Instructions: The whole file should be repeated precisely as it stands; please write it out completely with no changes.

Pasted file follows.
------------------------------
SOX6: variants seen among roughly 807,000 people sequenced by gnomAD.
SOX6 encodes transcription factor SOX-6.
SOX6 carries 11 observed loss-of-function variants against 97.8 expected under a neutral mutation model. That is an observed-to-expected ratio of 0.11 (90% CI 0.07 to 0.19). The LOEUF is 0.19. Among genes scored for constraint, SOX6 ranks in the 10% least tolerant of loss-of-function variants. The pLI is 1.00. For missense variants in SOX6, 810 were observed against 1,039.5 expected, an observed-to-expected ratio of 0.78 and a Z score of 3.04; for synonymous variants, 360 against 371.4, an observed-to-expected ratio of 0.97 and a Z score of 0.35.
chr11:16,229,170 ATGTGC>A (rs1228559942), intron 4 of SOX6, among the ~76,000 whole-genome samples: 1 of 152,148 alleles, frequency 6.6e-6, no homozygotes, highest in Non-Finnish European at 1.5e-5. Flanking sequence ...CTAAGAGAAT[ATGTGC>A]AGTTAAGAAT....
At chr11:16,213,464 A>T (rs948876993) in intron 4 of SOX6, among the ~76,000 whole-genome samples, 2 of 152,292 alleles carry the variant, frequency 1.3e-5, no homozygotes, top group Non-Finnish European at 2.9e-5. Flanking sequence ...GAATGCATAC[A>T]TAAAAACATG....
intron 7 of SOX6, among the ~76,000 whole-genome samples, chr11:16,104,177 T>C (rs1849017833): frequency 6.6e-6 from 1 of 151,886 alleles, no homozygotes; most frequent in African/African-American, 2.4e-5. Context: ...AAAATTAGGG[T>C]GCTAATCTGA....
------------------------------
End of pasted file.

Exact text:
SOX6: variants seen among roughly 807,000 people sequenced by gnomAD.
SOX6 encodes transcription factor SOX-6.
SOX6 carries 11 observed loss-of-function variants against 97.8 expected under a neutral mutation model. That is an observed-to-expected ratio of 0.11 (90% CI 0.07 to 0.19). The LOEUF is 0.19. Among genes scored for constraint, SOX6 ranks in the 10% least tolerant of loss-of-function variants. The pLI is 1.00. For missense variants in SOX6, 810 were observed against 1,039.5 expected, an observed-to-expected ratio of 0.78 and a Z score of 3.04; for synonymous variants, 360 against 371.4, an observed-to-expected ratio of 0.97 and a Z score of 0.35.
chr11:16,229,170 ATGTGC>A (rs1228559942), intron 4 of SOX6, among the ~76,000 whole-genome samples: 1 of 152,148 alleles, frequency 6.6e-6, no homozygotes, highest in Non-Finnish European at 1.5e-5. Flanking sequence ...CTAAGAGAAT[ATGTGC>A]AGTTAAGAAT....
At chr11:16,213,464 A>T (rs948876993) in intron 4 of SOX6, among the ~76,000 whole-genome samples, 2 of 152,292 alleles carry the variant, frequency 1.3e-5, no homozygotes, top group Non-Finnish European at 2.9e-5. Flanking sequence ...GAATGCATAC[A>T]TAAAAACATG....
intron 7 of SOX6, among the ~76,000 whole-genome samples, chr11:16,104,177 T>C (rs1849017833): frequency 6.6e-6 from 1 of 151,886 alleles, no homozygotes; most frequent in African/African-American, 2.4e-5. Context: ...AAAATTAGGG[T>C]GCTAATCTGA....